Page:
North Carolina’s Rental Housing—Joint Center for Housing Studies

magnifying glass looking at a group of houses

After the dramatic economic impacts of the pandemic’s first year, 2021 brought a significant increase in demand for rental units and skyrocketing rental prices. According to the Harvard Joint Center for Housing Studies’ (JCHS) recently released America’s Rental Housing 2022, 15% of households earning between $25,000 and $50,000 were behind on rent by the third quarter of 2021 with an even greater share (23%) of households earning less than $25,000 owing back rent. Between July and September 2021, 18.5% of North Carolina households were behind on rent.

Simply looking at households with late rent may not reflect COVID’s true impact on low-income households. Even with unemployment assistance, emergency rental assistance and other COVID-19 stimulus, over two-thirds of households who lost their income during the pandemic had to empty savings accounts, increase credit card debt, or borrow from friends and family to make rent payments. These conditions increased housing insecurity, put many families at risk of homelessness and had long-lasting economic impacts on households already living paycheck to paycheck.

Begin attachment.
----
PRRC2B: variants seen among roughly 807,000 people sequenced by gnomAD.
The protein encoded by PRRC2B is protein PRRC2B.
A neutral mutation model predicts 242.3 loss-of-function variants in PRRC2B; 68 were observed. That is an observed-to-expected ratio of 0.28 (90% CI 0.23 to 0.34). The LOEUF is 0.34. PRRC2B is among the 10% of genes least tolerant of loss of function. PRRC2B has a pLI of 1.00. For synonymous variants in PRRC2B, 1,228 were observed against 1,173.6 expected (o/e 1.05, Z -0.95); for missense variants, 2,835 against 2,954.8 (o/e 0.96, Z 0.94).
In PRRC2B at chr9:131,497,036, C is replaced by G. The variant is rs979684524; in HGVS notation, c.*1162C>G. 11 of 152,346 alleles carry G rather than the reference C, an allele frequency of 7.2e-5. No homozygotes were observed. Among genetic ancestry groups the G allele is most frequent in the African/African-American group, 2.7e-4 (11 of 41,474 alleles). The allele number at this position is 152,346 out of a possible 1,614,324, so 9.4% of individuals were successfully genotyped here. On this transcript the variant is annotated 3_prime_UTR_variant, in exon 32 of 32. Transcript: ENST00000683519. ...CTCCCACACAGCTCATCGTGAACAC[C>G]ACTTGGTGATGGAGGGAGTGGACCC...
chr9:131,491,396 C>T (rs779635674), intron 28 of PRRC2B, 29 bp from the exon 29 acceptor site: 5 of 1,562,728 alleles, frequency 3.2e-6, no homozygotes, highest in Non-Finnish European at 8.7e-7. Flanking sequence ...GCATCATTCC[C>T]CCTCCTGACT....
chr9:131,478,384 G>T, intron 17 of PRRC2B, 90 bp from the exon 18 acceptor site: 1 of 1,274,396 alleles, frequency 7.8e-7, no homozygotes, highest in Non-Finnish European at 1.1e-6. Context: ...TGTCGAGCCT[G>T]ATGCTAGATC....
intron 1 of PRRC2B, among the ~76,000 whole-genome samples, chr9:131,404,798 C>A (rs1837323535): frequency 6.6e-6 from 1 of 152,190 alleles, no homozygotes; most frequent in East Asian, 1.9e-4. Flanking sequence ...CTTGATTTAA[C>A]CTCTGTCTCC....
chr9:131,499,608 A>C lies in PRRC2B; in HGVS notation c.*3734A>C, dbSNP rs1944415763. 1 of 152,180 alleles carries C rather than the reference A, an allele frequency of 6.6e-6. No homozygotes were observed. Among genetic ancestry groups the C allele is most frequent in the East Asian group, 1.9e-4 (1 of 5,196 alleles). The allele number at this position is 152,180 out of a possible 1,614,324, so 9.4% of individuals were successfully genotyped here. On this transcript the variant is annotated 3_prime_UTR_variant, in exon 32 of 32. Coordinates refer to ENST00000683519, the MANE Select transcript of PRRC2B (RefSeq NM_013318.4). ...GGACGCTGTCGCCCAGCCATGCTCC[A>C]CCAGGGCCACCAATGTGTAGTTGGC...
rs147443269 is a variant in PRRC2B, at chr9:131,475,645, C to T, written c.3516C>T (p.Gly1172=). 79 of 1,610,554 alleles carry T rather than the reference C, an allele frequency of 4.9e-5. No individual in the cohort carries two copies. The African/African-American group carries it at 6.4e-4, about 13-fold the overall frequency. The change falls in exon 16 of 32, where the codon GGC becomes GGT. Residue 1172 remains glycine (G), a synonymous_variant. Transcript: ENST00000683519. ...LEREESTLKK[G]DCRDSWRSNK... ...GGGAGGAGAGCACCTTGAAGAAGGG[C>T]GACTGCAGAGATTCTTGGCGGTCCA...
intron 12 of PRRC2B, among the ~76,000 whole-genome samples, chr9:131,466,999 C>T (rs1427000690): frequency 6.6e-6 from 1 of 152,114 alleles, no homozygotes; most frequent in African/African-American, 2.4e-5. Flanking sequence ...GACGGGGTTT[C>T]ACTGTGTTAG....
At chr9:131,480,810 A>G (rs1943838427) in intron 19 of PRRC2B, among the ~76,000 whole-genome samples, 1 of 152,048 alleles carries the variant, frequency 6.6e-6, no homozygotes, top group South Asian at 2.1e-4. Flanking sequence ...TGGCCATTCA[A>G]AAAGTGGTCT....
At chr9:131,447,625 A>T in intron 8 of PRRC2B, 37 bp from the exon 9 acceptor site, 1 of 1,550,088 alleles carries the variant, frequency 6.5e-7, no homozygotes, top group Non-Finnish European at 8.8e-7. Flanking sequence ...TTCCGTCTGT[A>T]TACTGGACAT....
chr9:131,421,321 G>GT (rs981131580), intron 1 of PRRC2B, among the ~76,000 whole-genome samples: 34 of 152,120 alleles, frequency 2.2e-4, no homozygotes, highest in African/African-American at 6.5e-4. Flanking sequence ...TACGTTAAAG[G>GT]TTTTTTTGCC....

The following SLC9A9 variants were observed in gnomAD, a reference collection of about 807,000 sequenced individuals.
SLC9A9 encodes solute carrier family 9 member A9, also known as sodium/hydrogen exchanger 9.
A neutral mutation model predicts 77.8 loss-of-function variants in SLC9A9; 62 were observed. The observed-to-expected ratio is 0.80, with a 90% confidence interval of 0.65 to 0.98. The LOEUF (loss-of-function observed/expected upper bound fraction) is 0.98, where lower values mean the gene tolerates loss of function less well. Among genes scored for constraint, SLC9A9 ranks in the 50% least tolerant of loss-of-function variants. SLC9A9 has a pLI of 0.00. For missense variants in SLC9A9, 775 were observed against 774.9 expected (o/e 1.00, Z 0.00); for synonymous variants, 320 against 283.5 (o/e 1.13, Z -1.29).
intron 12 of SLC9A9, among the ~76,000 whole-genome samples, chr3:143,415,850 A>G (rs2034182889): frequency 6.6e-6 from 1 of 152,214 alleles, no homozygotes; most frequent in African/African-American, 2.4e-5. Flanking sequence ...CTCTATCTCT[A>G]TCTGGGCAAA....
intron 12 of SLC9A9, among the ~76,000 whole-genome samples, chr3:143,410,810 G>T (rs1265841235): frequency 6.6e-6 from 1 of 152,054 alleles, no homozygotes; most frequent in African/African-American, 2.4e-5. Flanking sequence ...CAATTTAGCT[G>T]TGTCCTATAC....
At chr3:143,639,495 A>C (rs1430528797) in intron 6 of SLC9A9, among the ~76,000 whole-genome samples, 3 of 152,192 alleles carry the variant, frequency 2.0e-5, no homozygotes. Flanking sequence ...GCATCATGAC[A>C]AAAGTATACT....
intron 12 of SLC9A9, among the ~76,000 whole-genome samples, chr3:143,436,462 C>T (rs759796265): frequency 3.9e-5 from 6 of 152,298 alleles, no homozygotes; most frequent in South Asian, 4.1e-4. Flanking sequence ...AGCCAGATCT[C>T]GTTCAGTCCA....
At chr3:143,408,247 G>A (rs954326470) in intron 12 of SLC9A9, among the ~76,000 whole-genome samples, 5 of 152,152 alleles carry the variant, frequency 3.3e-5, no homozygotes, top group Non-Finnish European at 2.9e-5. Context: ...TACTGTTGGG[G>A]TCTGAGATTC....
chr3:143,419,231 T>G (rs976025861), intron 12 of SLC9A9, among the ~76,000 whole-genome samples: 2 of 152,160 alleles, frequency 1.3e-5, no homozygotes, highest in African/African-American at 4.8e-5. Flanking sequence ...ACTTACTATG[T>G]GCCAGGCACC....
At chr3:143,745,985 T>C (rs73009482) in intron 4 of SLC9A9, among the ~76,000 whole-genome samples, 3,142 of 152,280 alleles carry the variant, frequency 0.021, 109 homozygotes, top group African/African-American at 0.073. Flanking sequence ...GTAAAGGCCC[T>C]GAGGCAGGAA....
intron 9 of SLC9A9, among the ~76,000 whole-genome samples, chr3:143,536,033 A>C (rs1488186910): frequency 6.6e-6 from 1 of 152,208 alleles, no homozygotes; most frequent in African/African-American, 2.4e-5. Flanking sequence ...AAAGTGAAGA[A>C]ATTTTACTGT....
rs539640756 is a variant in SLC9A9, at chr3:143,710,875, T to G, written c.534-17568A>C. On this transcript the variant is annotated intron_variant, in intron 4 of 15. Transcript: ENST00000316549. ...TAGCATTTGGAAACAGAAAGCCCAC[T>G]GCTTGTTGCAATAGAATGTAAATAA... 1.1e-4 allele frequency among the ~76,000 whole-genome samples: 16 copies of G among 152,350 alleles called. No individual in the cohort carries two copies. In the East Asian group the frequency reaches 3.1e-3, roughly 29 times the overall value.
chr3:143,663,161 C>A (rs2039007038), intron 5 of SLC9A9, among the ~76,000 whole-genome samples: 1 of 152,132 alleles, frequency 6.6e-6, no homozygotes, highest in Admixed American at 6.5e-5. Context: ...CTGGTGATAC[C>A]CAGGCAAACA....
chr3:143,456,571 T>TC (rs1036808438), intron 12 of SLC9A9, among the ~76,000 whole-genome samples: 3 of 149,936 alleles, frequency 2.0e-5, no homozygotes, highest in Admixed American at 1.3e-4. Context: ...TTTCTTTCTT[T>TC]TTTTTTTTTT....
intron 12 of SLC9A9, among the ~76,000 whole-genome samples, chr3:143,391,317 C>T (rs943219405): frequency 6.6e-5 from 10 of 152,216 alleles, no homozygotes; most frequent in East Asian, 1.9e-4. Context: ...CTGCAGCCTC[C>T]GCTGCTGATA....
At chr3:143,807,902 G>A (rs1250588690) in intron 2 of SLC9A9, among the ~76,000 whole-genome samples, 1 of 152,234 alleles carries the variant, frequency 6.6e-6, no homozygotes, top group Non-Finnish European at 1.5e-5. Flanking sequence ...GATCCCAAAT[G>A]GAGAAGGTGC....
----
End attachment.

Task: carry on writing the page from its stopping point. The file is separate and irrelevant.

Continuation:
According to the JCHS, since 2011 every state has seen a decrease in available low rent (below $600 per month) units. Between 2011 and 2019, 26% of North Carolina’s low rent units either increased in price or were removed from the market, making it more difficult for low-income households to find affordable units. Figure 1 below displays the distribution based on urbanicity of rental housing by cost across North Carolina. Approximately 65% of rental units in rural areas cost less than $600 while only 20% of urban rents for less than $600.

Average rents in certain urban markets exceed the ranges found in figure 1. For example, in September 2021, the typical rents in Raleigh (determined by the JCHS’s tabulation of Zillow’s data) were over $1,600, a $200 increase from typical rents in September 2020. These record high rents make it increasingly difficult for low-income households to secure affordable apartments.

The NC Housing Finance Agency aims to help address the affordable housing shortage through a variety of programs and partnerships. You can find out more about the Agency’s programs here.